Along The Paku River Trail


The Mulu National Park located on the island of Borneo is a UNESCO World Heritage Site.  Although famous for its world beating cave systems and large colonies of bats, the Park also has an abundance of flora and fauna in various forest types interspersed amongst limestone outcrops and karst formations.  One easy walk is along the Sungai Paku (Paku River) Trail that leads to the Deer Cave.  Here are some of the things you might see along the 90 minutes walk.  At the end of the walk, there is a staging area where you can watch millions of bats take off in the early evening on their nightly food hunt but that is material for a different post.  Hope you enjoy the current photos (All photos by LGS).




Murmuration and Praise

In this post, the theme of flying is carried over from the previous post.

Do you know what a murmuration is?  Apparently neither does “spellcheck” which keeps on suggesting that what I really mean is “menstruation”.   But no, I don’t mean that at all.  According to the Merrian-Webster Dictionary, there are two meanings to the word “murmuration”.  The first and more obvious meaning is  the act of murmuring; the utterance of low continuous sounds or complaining noises as in one of my favorite English phrases, “the murmur of discontent”.

The second more uncommon and therefore more interesting usage is when describing a flock of starlings flying and forming a living cloud.  I, myself, only discovered this a couple of months ago and wondered how I went through so many years of life without knowing this.  Perhaps murmuration is not new to some of you gentle readers but for those of you who have never seen a murmuration, then a picture is worth a thousand words and a video is even better.

Below is a video shot by Sophie Windsor Clive and Liberty Smith, two intrepid women film-makers of Islands and Rivers which explains the wonder of murmuration much better than I ever could.


Vodpod videos no longer available.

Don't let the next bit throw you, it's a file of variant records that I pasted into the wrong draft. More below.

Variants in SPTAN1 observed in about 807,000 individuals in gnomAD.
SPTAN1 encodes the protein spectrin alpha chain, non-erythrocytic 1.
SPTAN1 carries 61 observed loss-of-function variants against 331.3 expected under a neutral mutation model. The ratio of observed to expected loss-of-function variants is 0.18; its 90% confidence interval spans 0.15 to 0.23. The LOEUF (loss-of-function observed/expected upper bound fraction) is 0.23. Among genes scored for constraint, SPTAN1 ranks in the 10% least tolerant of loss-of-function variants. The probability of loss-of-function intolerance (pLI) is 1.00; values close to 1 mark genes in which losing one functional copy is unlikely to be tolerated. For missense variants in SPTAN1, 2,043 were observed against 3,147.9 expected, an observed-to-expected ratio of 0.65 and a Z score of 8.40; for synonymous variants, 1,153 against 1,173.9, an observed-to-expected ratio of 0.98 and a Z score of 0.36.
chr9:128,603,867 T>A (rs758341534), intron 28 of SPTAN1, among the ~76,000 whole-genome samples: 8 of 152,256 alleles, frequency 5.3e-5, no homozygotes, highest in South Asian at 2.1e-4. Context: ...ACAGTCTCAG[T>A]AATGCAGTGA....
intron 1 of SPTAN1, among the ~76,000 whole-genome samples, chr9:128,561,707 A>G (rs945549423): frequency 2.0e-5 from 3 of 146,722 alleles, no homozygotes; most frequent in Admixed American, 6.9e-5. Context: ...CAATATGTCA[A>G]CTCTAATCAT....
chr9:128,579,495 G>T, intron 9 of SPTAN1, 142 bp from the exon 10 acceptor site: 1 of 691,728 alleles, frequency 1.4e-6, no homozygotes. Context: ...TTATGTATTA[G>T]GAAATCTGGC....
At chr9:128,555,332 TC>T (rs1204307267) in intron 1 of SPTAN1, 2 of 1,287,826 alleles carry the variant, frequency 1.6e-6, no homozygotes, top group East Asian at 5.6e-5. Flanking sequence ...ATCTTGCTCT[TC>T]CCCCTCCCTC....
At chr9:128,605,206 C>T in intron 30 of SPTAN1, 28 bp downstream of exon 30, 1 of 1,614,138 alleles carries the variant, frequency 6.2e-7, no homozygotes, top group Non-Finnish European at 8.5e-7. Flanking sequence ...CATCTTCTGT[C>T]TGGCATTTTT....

On this Sunday, I have been meditating on the fact that God gives rest, peace and restores our strength when we come to Him  in our weariness and surrender ourselves to His comfort.

The Book of Isaiah 40 and verses 28 -31 says;

“Do you not know?
Have you not heard?
The LORD is the everlasting God,
the Creator of the ends of the earth.
He will not grow tired or weary,
and his understanding no one can fathom.
29 He gives strength to the weary
and increases the power of the weak.
30 Even youths grow tired and weary,
and young men stumble and fall;
31 but those who hope in the LORD
will renew their strength.
They will soar on wings like eagles;
they will run and not grow weary,
they will walk and not be faint.”

This has been my experience of God and I hope you will have similar experiences.  God’s grace and love is like the hot thermals that gives lift to the eagles’ wings and allow them to soar ……….or the wind beneath the wings of starlings celebrating life with the aerial art of murmuration.

Pygmies of Darkest Borneo

Readers may have been wondering where the intrepid squirrel had disappeared to that he wasn’t even participating actively in the “Dead or Alive” debate of the previous post.  Of course, readers may not even have noticed my absence but I try not to think about that.

Well, this brave explorer and tenacious reporter risked his furry neck by venturing into the dark heart of Borneo ……….. the mysterious land of head-hunters (the vicious head cutting type and not the corporate recruiter offering you a better job type) and pygmies.  Yes, there are pygmies in this magical land and from my forward exploration base ( also known as the remarkable Borneo Rainforest Lodge) in the Danum Valley Conservation Area, I got to see three different pygmies.

This little Pygmy played the trumpet…..